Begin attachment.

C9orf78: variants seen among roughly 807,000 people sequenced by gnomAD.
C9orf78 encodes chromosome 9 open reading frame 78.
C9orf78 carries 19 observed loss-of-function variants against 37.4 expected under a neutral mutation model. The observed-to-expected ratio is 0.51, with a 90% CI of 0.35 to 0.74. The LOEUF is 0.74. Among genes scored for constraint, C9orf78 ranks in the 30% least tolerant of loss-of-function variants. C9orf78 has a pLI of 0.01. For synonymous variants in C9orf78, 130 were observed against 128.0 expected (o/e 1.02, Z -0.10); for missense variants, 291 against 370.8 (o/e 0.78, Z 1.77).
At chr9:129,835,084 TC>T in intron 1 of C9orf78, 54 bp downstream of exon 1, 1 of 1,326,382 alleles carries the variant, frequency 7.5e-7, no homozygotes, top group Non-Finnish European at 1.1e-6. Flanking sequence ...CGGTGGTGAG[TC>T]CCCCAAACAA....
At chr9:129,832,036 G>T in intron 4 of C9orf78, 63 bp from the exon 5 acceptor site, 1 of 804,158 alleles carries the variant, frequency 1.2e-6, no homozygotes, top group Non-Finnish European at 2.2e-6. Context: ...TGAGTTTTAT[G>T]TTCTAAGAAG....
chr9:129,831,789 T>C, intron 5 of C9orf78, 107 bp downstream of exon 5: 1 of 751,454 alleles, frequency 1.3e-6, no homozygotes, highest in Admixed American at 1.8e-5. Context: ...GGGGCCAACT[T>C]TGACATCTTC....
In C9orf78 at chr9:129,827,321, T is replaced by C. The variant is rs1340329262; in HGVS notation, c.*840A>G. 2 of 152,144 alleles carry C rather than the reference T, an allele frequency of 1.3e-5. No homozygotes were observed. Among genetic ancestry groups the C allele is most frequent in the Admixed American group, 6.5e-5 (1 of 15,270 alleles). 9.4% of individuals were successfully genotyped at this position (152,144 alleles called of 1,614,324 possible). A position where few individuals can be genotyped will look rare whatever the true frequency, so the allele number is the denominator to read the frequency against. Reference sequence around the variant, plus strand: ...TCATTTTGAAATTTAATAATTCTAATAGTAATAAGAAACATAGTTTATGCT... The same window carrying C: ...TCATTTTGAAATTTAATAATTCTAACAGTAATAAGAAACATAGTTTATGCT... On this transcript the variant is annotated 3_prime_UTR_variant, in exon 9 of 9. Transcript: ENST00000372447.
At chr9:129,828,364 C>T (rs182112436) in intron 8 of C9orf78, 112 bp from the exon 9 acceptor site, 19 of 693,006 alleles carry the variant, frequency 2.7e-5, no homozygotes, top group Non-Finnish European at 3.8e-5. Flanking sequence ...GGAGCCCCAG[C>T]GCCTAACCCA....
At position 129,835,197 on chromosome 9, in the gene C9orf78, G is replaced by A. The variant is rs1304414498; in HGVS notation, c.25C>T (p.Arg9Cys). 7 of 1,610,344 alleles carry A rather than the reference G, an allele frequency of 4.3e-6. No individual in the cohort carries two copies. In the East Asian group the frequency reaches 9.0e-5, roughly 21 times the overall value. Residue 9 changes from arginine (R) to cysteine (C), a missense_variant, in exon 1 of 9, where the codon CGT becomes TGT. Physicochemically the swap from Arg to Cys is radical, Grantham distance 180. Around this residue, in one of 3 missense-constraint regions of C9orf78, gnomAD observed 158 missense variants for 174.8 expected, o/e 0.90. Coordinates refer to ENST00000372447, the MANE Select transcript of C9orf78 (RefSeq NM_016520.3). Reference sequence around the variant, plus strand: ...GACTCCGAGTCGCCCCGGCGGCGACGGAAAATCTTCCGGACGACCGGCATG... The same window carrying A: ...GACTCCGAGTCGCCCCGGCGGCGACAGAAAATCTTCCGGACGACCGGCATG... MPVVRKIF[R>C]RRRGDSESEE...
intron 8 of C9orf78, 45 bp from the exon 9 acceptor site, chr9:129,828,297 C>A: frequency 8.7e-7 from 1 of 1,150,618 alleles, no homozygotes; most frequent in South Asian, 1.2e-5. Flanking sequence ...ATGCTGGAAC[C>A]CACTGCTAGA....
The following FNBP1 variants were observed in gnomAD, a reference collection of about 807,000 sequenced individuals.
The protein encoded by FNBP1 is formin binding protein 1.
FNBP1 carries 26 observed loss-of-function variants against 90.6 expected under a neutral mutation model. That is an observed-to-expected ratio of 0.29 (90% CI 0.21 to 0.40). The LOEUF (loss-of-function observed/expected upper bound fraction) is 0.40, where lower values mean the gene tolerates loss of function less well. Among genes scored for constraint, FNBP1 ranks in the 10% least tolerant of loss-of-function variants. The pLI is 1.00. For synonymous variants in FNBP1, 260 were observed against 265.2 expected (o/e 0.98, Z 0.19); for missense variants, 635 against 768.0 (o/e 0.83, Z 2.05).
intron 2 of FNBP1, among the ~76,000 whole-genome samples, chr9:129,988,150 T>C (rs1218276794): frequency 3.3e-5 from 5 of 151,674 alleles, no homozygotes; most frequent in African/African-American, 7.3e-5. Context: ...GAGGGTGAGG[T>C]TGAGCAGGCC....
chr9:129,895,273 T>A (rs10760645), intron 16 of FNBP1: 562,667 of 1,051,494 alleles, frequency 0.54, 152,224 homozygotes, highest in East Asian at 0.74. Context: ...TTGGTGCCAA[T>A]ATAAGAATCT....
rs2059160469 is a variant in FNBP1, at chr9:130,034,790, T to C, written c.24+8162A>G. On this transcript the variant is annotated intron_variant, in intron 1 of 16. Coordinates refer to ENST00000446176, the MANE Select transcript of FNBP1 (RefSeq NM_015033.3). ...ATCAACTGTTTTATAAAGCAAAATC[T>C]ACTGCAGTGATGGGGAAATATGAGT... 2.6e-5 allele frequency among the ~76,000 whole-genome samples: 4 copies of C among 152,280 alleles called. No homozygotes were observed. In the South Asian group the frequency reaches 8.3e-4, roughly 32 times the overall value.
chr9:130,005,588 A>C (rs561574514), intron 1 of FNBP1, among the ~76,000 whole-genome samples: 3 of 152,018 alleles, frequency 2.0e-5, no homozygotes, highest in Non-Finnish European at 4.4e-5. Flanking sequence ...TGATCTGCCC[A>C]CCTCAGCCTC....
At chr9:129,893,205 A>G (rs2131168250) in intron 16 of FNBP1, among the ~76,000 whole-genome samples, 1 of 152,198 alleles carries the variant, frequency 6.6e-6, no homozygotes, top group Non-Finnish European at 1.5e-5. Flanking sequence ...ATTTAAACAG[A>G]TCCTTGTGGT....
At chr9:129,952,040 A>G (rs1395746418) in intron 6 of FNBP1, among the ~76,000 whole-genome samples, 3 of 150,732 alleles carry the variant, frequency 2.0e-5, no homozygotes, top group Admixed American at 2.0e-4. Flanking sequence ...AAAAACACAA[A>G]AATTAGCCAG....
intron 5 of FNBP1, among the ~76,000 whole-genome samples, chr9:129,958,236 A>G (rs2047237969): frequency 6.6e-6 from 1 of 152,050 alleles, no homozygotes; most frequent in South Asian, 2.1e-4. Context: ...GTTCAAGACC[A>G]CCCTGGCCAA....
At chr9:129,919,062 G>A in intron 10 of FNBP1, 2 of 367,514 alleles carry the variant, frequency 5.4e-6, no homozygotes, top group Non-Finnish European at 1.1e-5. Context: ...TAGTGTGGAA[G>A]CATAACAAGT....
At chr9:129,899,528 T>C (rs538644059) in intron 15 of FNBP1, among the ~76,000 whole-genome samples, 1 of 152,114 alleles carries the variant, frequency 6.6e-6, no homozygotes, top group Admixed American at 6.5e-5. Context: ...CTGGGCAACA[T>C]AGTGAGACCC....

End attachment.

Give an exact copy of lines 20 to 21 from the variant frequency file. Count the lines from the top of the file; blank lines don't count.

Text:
intron 5 of FNBP1, among the ~76,000 whole-genome samples, chr9:129,958,236 A>G (rs2047237969): frequency 6.6e-6 from 1 of 152,050 alleles, no homozygotes; most frequent in South Asian, 2.1e-4. Context: ...GTTCAAGACC[A>G]CCCTGGCCAA....
At chr9:129,919,062 G>A in intron 10 of FNBP1, 2 of 367,514 alleles carry the variant, frequency 5.4e-6, no homozygotes, top group Non-Finnish European at 1.1e-5. Context: ...TAGTGTGGAA[G>A]CATAACAAGT....